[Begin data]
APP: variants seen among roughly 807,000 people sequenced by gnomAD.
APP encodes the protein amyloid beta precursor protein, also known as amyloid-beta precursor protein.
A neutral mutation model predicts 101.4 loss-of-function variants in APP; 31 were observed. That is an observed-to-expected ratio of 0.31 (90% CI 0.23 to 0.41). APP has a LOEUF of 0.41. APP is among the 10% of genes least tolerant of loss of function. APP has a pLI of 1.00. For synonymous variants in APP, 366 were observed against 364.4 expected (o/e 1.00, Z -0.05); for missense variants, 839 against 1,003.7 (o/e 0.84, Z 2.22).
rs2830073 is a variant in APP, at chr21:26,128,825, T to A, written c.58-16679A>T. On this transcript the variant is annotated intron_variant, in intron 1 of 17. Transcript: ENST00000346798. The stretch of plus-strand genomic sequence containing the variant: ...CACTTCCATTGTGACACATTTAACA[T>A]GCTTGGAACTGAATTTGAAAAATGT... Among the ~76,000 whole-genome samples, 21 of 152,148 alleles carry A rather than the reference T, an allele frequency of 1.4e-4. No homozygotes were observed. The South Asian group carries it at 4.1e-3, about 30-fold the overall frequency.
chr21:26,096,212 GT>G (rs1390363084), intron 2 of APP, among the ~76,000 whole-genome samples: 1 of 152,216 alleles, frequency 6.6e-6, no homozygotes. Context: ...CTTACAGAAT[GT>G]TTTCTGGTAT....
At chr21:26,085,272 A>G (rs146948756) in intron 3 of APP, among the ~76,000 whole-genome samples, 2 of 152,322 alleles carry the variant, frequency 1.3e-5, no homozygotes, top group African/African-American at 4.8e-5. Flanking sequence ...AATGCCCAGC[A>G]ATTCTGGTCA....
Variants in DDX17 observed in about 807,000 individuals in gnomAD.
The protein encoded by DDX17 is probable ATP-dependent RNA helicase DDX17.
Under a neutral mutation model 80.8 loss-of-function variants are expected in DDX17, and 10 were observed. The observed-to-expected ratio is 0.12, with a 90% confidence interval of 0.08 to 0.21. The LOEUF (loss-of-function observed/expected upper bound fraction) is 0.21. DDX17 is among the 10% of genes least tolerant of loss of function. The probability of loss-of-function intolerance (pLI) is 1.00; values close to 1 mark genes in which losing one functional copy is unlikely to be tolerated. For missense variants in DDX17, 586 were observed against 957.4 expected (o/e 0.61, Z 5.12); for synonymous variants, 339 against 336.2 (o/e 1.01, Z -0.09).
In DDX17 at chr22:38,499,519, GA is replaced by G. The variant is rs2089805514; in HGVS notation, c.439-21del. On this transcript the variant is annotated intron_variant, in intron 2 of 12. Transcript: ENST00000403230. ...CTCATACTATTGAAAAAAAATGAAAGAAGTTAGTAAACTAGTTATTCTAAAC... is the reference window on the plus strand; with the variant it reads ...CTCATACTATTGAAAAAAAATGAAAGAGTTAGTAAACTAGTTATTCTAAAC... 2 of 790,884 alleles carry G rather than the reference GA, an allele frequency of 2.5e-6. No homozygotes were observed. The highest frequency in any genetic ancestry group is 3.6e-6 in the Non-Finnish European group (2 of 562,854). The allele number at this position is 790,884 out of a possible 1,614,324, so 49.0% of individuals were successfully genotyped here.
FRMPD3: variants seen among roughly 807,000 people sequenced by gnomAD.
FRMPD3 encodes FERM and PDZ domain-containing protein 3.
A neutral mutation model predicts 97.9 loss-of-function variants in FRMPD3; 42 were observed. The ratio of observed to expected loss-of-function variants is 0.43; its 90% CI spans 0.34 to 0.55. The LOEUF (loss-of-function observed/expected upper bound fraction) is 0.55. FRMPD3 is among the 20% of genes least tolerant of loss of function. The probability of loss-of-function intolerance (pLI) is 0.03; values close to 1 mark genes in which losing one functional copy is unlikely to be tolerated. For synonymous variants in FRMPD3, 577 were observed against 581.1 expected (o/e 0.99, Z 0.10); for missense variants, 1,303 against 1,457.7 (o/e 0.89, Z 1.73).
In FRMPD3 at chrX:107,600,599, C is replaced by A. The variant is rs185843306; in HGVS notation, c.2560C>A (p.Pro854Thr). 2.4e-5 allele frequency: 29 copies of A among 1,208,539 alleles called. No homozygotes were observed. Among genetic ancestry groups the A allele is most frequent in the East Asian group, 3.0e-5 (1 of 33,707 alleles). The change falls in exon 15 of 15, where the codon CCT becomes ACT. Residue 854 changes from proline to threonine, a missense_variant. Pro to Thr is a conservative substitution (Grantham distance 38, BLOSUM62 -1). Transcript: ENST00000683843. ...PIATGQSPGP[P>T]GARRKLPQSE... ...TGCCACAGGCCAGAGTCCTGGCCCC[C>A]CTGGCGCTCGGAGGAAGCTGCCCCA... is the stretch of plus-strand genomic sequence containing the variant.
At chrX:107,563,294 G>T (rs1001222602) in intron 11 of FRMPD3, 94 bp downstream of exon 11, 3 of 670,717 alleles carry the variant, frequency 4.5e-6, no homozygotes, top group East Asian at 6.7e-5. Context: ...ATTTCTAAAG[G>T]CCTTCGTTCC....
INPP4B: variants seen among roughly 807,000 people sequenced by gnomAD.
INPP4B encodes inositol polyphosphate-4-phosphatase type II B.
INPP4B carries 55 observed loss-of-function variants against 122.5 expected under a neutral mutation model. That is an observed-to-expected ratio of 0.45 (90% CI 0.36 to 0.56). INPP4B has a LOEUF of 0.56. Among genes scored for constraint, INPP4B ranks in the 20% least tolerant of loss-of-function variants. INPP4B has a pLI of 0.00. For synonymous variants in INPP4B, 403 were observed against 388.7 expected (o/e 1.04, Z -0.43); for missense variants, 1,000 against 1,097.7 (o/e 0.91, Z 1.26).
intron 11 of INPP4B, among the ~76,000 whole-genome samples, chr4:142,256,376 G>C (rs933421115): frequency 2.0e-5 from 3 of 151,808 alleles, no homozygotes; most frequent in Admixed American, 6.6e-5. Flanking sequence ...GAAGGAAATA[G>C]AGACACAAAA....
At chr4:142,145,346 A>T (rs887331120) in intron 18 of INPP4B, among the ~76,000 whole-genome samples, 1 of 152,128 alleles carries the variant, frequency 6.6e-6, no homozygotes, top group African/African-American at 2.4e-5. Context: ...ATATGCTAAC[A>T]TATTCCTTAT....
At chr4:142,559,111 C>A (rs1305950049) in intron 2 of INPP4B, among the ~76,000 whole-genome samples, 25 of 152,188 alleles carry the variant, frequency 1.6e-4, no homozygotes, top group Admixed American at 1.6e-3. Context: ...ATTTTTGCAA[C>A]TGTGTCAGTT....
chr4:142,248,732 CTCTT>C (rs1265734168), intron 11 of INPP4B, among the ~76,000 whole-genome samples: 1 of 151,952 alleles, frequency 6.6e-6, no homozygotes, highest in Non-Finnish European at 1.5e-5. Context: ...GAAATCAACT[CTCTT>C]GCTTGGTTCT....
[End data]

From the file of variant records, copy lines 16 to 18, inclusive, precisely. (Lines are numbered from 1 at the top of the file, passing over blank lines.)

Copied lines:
INPP4B: variants seen among roughly 807,000 people sequenced by gnomAD.
INPP4B encodes inositol polyphosphate-4-phosphatase type II B.
INPP4B carries 55 observed loss-of-function variants against 122.5 expected under a neutral mutation model. That is an observed-to-expected ratio of 0.45 (90% CI 0.36 to 0.56). INPP4B has a LOEUF of 0.56. Among genes scored for constraint, INPP4B ranks in the 20% least tolerant of loss-of-function variants. INPP4B has a pLI of 0.00. For synonymous variants in INPP4B, 403 were observed against 388.7 expected (o/e 1.04, Z -0.43); for missense variants, 1,000 against 1,097.7 (o/e 0.91, Z 1.26).